Utah police, fire agencies train for active shooter in schools
MAGNA, Utah — As we get ready to send our kids back to school, safety is top of mind following a number of mass shootings over the last few years.
Less than three months ago, events in Uvalde, Texas shook the country as a shooter walked into the school and gunned down 19 students and two teachers.
At Cyprus High School Wednesday, local agencies practiced responding to such a frightening event.
“While we’ve been fortunate that we’ve not seen an actual school shooting, at the same time we want the bad guys out there to know that if you attempt to come onto school campus that we’re going to be ready for you, you will be apprehended and you will be killed,” said Ben Horsley, spokesman for the Granite School District.
Horsley explained they train with local agencies like Unified Police, Unified Fire, and the Granite School District’s law enforcement for any scenario.
They also work to help students understand why school threats are taken seriously and how to react in the event of a shooter through training videos.
“We don’t want to be sensitizing them to this type of situation but at the same time, making them aware of how to empower themselves if such an incident were to occur,” Horsley said.
Fire and police from a number of agencies converged on Cyprus High School Wednesday. Unified Police say regardless of which agency responds first in an actual lockdown situation they all follow the same plan.
“Their number one goal is to stop the killing,” said Lt. Shane Manwaring from the Unified Police Department. “We’ve learned that over, back to Columbine, that we have to stop the killing.”
School and police officials say they understand parents’ desire to protect their children. As parents themselves, their goals are the same, but they also want parents to know to stay away from the school.
“You’re going to hinder the ability for emergency professionals, law enforcement, fire officials to actually get on and preserve life within that campus and in that environment,” Horsley said.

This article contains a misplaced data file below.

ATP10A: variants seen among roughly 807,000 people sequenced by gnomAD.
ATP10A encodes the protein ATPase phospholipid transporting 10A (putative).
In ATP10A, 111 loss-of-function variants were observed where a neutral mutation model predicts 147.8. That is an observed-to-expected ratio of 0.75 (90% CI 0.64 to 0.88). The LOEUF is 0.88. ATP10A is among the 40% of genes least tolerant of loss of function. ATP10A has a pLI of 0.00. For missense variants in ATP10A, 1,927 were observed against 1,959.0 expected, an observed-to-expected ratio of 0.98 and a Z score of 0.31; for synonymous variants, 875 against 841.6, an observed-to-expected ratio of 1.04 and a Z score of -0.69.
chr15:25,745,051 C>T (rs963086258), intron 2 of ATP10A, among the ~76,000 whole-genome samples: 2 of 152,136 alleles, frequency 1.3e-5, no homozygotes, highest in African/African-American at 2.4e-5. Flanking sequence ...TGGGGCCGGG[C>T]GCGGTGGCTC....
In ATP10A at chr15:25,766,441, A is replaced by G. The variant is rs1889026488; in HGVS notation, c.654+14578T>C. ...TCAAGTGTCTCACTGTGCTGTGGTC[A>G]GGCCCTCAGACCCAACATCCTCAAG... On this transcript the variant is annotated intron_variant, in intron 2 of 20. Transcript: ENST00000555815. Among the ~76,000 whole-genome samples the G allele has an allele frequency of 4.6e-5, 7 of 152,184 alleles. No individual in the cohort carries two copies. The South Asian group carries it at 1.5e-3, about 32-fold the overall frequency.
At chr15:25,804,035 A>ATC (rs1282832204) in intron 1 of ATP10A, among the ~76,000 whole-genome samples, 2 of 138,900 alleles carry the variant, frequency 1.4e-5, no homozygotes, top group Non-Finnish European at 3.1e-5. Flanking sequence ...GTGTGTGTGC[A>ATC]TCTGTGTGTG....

Whether that’s showing up unannounced without any identification, or preventing agencies from getting to the scene because of traffic caused by those concerned parents.
Their advice, watch official district and school channels for information on how to be reunited with your student without hindering those life-saving efforts.
Manwaring said, “We want our children to be able to go to school in a safe environment, feel safe, and be able to go to get the education that they deserve to have.”
Part of Wednesday’s training was to transition from apprehending a shooter to saving lives with rescue teams.
“That’s where the police officers join up with the firefighters and we create rescue teams that enter the building and start triaging students and faculty members that have been injured or shot,” Manwaring explained.
Just like education inside the classroom evolves every year, Horsley said this training is constantly evolving to make sure agencies are prepared, no matter what.
“The statistics are very clear, that an incident like this is roughly a one in 10 million chance. We are preparing and training for that one in 10 million chance.”
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